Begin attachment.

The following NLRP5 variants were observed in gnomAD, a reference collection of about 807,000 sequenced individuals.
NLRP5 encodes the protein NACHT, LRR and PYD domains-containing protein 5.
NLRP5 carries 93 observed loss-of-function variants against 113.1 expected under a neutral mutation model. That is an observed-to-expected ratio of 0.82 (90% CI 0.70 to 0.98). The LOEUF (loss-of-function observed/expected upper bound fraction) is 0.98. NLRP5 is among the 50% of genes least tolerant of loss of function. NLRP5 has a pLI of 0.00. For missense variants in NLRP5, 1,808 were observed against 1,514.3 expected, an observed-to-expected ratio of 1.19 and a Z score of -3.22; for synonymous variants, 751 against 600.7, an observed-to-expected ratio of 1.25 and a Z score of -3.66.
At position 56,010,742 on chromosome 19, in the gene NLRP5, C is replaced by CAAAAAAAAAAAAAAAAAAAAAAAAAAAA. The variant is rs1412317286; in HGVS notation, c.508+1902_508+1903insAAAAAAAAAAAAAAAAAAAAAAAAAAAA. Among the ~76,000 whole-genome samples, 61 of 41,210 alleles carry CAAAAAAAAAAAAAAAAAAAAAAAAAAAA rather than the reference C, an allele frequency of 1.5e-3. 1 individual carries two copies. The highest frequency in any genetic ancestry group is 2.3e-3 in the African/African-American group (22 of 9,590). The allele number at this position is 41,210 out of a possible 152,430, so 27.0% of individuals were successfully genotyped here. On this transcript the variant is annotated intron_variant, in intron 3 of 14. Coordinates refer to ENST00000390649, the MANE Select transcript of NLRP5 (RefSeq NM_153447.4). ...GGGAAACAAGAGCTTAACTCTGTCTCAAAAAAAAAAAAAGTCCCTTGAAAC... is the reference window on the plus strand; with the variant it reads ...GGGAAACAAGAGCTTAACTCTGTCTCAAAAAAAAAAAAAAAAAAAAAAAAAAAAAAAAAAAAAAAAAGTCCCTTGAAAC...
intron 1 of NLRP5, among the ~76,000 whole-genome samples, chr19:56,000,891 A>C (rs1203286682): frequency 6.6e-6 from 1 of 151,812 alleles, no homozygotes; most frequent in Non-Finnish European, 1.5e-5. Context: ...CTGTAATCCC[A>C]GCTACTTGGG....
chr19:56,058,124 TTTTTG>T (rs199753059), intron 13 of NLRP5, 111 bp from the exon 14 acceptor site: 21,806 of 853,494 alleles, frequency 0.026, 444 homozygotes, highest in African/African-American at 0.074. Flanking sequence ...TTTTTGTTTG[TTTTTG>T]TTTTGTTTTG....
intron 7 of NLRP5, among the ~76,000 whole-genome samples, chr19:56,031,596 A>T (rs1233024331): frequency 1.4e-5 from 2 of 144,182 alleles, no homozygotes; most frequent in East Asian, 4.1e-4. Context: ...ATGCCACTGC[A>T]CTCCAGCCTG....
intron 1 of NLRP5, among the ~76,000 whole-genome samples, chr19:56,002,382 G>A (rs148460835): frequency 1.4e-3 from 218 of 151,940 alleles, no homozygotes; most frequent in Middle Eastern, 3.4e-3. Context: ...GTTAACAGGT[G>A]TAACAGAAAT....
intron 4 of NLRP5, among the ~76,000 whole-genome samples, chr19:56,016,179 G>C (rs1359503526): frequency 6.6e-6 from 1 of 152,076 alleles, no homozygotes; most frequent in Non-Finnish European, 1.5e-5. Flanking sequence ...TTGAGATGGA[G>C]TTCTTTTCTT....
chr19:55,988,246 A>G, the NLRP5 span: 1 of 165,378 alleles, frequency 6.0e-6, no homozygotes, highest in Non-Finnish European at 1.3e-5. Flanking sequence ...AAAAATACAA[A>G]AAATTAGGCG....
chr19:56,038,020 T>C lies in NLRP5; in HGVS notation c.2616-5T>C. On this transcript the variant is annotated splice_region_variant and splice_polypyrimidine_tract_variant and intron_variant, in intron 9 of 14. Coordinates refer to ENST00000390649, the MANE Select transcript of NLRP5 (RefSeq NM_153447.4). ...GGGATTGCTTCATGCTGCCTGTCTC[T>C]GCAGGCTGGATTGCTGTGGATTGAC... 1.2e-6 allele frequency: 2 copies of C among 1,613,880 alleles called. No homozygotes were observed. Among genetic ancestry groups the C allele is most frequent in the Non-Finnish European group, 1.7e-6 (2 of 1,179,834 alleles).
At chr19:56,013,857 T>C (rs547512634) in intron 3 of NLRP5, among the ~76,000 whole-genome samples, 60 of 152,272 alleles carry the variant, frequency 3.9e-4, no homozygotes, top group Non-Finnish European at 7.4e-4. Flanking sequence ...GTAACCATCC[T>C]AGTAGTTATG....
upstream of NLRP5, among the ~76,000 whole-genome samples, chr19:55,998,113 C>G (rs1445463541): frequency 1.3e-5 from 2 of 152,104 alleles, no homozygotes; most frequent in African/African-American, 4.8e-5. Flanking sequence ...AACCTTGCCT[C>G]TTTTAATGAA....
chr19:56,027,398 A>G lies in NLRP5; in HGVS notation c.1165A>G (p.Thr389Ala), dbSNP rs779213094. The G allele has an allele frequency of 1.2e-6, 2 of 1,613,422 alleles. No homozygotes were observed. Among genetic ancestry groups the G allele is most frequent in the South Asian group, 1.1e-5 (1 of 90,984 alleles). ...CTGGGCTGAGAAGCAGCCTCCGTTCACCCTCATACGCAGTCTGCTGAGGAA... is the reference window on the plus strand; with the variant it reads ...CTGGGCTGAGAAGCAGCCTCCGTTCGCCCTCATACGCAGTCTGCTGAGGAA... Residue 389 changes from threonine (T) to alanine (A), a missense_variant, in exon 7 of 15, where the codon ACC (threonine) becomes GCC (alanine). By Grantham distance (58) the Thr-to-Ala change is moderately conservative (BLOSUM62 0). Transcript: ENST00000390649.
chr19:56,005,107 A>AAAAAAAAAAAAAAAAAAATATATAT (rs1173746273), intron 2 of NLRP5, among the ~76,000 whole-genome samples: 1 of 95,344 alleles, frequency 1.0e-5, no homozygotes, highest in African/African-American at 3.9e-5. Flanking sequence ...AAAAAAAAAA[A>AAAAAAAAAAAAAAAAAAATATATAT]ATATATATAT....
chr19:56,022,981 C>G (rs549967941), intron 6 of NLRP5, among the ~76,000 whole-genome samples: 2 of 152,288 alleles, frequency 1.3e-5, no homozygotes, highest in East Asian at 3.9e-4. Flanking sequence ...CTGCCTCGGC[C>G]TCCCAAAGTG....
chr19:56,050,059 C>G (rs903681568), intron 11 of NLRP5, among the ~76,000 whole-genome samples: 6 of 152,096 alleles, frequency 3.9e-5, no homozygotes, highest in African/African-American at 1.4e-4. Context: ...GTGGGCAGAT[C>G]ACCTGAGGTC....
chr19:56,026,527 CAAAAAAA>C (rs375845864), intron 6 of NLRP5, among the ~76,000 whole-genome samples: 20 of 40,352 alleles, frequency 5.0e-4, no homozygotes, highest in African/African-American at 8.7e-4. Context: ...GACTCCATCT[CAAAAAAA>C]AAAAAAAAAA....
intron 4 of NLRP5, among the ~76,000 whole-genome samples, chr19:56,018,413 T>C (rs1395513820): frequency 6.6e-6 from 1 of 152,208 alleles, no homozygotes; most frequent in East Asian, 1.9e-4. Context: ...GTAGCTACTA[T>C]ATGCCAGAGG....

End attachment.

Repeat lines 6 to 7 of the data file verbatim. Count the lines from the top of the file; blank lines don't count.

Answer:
chr19:56,058,124 TTTTTG>T (rs199753059), intron 13 of NLRP5, 111 bp from the exon 14 acceptor site: 21,806 of 853,494 alleles, frequency 0.026, 444 homozygotes, highest in African/African-American at 0.074. Flanking sequence ...TTTTTGTTTG[TTTTTG>T]TTTTGTTTTG....
intron 7 of NLRP5, among the ~76,000 whole-genome samples, chr19:56,031,596 A>T (rs1233024331): frequency 1.4e-5 from 2 of 144,182 alleles, no homozygotes; most frequent in East Asian, 4.1e-4. Context: ...ATGCCACTGC[A>T]CTCCAGCCTG....